Fiona left us too soon but her legacy is substantial.

And this Conference is now connected to that legacy, to her fierce determination to always to do more.

It is in that spirit that I want to talk to you about the Beyond Blue of today and the future we are helping to build.

We are continuing the work we have become so known for under the tremendous leadership of Jeff Kennett – raising awareness, improving understanding, smashing stigma and independent, bipartisan advocacy.

But on this strong foundation, we are building new capabilities.

Beyond Blue is now squarely in the business of service innovation.

And we are determined to work on the prevention of mental health conditions in the places where people live, work, play and learn.

 

‘A Generation of Hard Work’

Let me provide some context about the size and scope of the challenges and opportunities we face.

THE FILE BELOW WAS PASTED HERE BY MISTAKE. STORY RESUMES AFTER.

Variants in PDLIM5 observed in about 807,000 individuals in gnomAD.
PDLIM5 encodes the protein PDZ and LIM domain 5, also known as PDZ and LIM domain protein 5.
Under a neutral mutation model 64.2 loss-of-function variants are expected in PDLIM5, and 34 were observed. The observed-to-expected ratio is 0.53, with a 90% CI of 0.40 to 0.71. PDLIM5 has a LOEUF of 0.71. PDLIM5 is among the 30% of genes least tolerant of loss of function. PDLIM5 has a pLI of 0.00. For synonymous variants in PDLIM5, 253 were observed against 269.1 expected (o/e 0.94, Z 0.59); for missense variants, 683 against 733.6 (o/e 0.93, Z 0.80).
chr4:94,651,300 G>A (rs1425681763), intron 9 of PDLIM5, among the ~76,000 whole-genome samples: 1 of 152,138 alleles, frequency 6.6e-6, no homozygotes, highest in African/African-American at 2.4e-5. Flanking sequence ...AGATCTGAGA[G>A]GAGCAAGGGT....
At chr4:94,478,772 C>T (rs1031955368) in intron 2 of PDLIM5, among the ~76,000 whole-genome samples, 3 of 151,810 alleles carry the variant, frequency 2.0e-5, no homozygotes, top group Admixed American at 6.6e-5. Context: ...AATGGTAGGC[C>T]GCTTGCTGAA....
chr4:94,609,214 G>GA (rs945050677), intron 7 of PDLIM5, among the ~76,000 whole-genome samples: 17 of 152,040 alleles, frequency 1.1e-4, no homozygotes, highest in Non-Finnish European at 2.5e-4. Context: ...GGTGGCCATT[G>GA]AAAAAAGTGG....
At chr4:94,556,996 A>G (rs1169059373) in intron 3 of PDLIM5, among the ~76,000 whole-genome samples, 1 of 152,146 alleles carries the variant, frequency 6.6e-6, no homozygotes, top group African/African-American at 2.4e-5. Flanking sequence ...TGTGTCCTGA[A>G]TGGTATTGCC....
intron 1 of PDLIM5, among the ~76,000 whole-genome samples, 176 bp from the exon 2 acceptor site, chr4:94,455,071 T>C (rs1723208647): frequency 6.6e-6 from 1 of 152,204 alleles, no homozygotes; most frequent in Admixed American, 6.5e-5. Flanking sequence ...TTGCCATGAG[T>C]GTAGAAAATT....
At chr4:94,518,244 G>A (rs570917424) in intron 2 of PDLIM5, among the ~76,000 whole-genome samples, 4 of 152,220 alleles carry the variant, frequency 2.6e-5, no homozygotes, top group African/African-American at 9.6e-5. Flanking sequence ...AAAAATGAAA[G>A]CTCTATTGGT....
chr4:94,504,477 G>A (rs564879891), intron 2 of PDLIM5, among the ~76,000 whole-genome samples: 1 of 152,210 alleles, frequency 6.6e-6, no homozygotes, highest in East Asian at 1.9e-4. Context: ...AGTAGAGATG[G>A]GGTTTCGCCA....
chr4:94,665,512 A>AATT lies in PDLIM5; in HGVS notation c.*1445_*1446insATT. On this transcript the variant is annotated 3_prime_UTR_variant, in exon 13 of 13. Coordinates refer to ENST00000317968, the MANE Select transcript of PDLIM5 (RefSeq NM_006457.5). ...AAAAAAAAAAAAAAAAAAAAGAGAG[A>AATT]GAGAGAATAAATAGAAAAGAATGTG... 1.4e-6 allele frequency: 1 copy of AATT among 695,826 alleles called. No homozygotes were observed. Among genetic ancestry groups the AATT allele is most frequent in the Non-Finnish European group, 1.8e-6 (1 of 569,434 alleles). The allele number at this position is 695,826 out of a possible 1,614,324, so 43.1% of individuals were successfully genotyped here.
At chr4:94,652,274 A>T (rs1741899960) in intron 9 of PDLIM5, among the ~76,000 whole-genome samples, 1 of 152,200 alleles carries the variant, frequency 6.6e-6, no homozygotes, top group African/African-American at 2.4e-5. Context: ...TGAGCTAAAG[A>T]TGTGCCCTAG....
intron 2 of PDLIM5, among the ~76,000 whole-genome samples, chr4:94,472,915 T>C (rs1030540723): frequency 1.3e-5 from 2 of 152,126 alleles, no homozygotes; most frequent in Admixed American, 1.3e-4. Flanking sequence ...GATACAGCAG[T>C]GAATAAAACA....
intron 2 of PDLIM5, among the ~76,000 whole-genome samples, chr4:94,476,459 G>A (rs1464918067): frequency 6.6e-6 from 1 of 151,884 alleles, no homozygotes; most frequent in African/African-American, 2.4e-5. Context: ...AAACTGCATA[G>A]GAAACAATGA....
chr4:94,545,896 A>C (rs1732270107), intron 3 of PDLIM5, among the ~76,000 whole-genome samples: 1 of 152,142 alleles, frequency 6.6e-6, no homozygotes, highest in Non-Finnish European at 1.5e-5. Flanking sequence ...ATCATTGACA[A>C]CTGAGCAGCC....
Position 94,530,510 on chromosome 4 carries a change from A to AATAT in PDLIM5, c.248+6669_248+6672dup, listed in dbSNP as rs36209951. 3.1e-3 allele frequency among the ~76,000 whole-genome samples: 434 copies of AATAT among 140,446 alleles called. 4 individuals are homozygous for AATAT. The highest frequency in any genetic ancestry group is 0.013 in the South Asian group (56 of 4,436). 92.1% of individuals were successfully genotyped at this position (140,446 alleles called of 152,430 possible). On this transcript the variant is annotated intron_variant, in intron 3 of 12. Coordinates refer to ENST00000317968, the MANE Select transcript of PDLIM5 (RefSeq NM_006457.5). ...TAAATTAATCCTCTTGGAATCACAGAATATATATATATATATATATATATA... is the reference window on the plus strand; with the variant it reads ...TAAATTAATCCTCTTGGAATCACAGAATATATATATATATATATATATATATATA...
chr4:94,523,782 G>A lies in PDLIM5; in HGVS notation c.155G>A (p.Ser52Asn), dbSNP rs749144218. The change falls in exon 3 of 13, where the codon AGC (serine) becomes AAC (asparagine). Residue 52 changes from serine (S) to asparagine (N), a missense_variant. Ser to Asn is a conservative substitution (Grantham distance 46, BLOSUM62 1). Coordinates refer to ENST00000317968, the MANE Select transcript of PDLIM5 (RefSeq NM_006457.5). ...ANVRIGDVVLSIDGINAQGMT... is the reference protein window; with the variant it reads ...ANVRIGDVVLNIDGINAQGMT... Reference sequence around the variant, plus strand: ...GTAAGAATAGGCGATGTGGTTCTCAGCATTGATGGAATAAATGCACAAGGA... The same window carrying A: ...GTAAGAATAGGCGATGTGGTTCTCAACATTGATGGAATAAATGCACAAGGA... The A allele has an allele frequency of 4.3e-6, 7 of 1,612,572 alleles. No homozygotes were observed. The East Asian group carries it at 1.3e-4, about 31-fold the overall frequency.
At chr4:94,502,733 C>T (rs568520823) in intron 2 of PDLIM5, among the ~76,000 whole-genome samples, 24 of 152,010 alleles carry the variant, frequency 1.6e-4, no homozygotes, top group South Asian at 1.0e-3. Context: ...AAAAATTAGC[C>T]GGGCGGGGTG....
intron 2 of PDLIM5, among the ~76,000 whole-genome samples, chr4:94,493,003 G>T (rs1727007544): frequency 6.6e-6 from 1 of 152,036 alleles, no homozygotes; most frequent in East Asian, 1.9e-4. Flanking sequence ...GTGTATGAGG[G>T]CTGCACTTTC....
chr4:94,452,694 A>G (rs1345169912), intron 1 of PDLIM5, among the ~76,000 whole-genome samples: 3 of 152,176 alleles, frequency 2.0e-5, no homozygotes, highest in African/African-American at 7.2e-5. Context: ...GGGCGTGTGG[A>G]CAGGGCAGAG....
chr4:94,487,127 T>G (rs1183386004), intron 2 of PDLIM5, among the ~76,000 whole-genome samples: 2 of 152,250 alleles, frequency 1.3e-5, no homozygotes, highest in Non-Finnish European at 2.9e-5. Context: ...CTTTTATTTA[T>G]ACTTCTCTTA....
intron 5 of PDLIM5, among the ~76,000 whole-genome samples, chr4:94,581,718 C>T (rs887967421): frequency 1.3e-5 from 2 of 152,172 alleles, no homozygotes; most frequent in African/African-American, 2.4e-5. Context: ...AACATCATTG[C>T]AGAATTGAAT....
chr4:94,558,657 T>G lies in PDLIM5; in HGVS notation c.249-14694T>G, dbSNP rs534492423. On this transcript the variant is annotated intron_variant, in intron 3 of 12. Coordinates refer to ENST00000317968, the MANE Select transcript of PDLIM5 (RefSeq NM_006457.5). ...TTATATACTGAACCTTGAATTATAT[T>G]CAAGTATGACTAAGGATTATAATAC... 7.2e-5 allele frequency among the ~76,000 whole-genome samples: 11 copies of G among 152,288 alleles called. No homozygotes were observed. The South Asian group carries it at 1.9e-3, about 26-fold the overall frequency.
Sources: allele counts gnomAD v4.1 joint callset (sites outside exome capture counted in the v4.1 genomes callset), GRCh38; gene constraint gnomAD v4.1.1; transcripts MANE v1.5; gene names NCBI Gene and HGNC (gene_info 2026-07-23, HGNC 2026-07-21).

Think about the fact that:

Every year, one-in-five Australians experiences a mental health condition.

Every week, it’s estimated 1,400 Australians attempt to take their lives.

Every day, nearly eight people do die by suicide.

Think about the fact that mental ill-health costs an estimated $28.6 billion a year in direct and indirect costs, with lost productivity and job turnover costing a further $12 billion a year.

That’s $40 billion a year, or more than two per cent of Australia’s GDP.

Mental illnesses are the leading cause of the non-fatal disease burden – years of healthy life lost through illness and disease.

Anxiety and depression, alcohol abuse and personality disorders account for almost three-quarters of this toll.

On the positive side of the ledger:

Mental health is on the community’s radar, people are more prepared to discuss and act on their own mental health than ever before.

Thanks to the work of incredible researchers, we now know more than ever before about how the brain works.

Over the past decade and a half, thanks to a bipartisan policy approach, the range and accessibility of mental health supports has improved in Australia.